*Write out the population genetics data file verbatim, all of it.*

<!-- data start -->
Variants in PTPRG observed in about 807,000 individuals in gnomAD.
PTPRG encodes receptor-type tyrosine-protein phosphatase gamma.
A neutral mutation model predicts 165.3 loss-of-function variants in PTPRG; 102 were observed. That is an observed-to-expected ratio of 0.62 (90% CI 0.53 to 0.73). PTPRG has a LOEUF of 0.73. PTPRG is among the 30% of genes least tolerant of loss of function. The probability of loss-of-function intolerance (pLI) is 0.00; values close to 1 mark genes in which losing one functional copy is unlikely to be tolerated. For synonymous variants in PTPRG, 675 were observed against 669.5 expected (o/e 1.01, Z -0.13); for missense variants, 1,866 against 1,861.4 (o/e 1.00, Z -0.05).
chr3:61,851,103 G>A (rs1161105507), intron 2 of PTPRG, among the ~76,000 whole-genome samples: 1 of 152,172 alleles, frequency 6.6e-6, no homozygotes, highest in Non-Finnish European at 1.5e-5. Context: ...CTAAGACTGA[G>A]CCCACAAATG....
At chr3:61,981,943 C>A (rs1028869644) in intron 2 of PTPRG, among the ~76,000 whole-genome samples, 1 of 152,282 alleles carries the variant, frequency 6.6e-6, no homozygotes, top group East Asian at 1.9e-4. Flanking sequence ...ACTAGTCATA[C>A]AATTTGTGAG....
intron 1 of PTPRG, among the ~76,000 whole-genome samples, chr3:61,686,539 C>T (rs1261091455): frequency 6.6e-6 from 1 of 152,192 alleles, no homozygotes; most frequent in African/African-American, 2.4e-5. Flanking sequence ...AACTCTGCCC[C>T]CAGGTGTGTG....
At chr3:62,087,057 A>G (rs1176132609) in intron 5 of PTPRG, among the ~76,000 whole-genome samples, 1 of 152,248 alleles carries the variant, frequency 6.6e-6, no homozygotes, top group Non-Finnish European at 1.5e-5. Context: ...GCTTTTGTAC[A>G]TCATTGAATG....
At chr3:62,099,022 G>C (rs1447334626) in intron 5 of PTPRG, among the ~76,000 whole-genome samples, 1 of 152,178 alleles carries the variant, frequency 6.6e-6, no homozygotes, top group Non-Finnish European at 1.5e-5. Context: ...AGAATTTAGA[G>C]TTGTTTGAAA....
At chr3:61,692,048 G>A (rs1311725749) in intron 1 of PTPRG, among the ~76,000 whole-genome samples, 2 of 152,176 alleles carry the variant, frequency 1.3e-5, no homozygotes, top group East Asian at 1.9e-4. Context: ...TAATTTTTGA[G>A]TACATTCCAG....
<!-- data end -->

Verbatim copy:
Variants in PTPRG observed in about 807,000 individuals in gnomAD.
PTPRG encodes receptor-type tyrosine-protein phosphatase gamma.
A neutral mutation model predicts 165.3 loss-of-function variants in PTPRG; 102 were observed. That is an observed-to-expected ratio of 0.62 (90% CI 0.53 to 0.73). PTPRG has a LOEUF of 0.73. PTPRG is among the 30% of genes least tolerant of loss of function. The probability of loss-of-function intolerance (pLI) is 0.00; values close to 1 mark genes in which losing one functional copy is unlikely to be tolerated. For synonymous variants in PTPRG, 675 were observed against 669.5 expected (o/e 1.01, Z -0.13); for missense variants, 1,866 against 1,861.4 (o/e 1.00, Z -0.05).
chr3:61,851,103 G>A (rs1161105507), intron 2 of PTPRG, among the ~76,000 whole-genome samples: 1 of 152,172 alleles, frequency 6.6e-6, no homozygotes, highest in Non-Finnish European at 1.5e-5. Context: ...CTAAGACTGA[G>A]CCCACAAATG....
At chr3:61,981,943 C>A (rs1028869644) in intron 2 of PTPRG, among the ~76,000 whole-genome samples, 1 of 152,282 alleles carries the variant, frequency 6.6e-6, no homozygotes, top group East Asian at 1.9e-4. Flanking sequence ...ACTAGTCATA[C>A]AATTTGTGAG....
intron 1 of PTPRG, among the ~76,000 whole-genome samples, chr3:61,686,539 C>T (rs1261091455): frequency 6.6e-6 from 1 of 152,192 alleles, no homozygotes; most frequent in African/African-American, 2.4e-5. Flanking sequence ...AACTCTGCCC[C>T]CAGGTGTGTG....
At chr3:62,087,057 A>G (rs1176132609) in intron 5 of PTPRG, among the ~76,000 whole-genome samples, 1 of 152,248 alleles carries the variant, frequency 6.6e-6, no homozygotes, top group Non-Finnish European at 1.5e-5. Context: ...GCTTTTGTAC[A>G]TCATTGAATG....
At chr3:62,099,022 G>C (rs1447334626) in intron 5 of PTPRG, among the ~76,000 whole-genome samples, 1 of 152,178 alleles carries the variant, frequency 6.6e-6, no homozygotes, top group Non-Finnish European at 1.5e-5. Context: ...AGAATTTAGA[G>C]TTGTTTGAAA....
At chr3:61,692,048 G>A (rs1311725749) in intron 1 of PTPRG, among the ~76,000 whole-genome samples, 2 of 152,176 alleles carry the variant, frequency 1.3e-5, no homozygotes, top group East Asian at 1.9e-4. Context: ...TAATTTTTGA[G>A]TACATTCCAG....